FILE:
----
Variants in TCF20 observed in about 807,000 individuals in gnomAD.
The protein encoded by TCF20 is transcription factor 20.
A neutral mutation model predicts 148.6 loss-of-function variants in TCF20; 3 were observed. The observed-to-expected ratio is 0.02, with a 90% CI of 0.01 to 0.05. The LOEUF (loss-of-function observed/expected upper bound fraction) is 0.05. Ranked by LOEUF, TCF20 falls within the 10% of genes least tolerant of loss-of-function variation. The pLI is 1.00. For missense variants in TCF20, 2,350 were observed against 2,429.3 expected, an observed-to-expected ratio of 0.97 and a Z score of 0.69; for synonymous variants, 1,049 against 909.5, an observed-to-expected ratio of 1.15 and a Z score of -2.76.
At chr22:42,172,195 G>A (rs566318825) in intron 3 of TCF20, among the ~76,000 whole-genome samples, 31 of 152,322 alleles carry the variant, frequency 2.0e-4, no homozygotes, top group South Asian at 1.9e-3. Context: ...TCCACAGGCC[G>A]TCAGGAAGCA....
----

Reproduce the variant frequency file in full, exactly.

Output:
Variants in TCF20 observed in about 807,000 individuals in gnomAD.
The protein encoded by TCF20 is transcription factor 20.
A neutral mutation model predicts 148.6 loss-of-function variants in TCF20; 3 were observed. The observed-to-expected ratio is 0.02, with a 90% CI of 0.01 to 0.05. The LOEUF (loss-of-function observed/expected upper bound fraction) is 0.05. Ranked by LOEUF, TCF20 falls within the 10% of genes least tolerant of loss-of-function variation. The pLI is 1.00. For missense variants in TCF20, 2,350 were observed against 2,429.3 expected, an observed-to-expected ratio of 0.97 and a Z score of 0.69; for synonymous variants, 1,049 against 909.5, an observed-to-expected ratio of 1.15 and a Z score of -2.76.
At chr22:42,172,195 G>A (rs566318825) in intron 3 of TCF20, among the ~76,000 whole-genome samples, 31 of 152,322 alleles carry the variant, frequency 2.0e-4, no homozygotes, top group South Asian at 1.9e-3. Context: ...TCCACAGGCC[G>A]TCAGGAAGCA....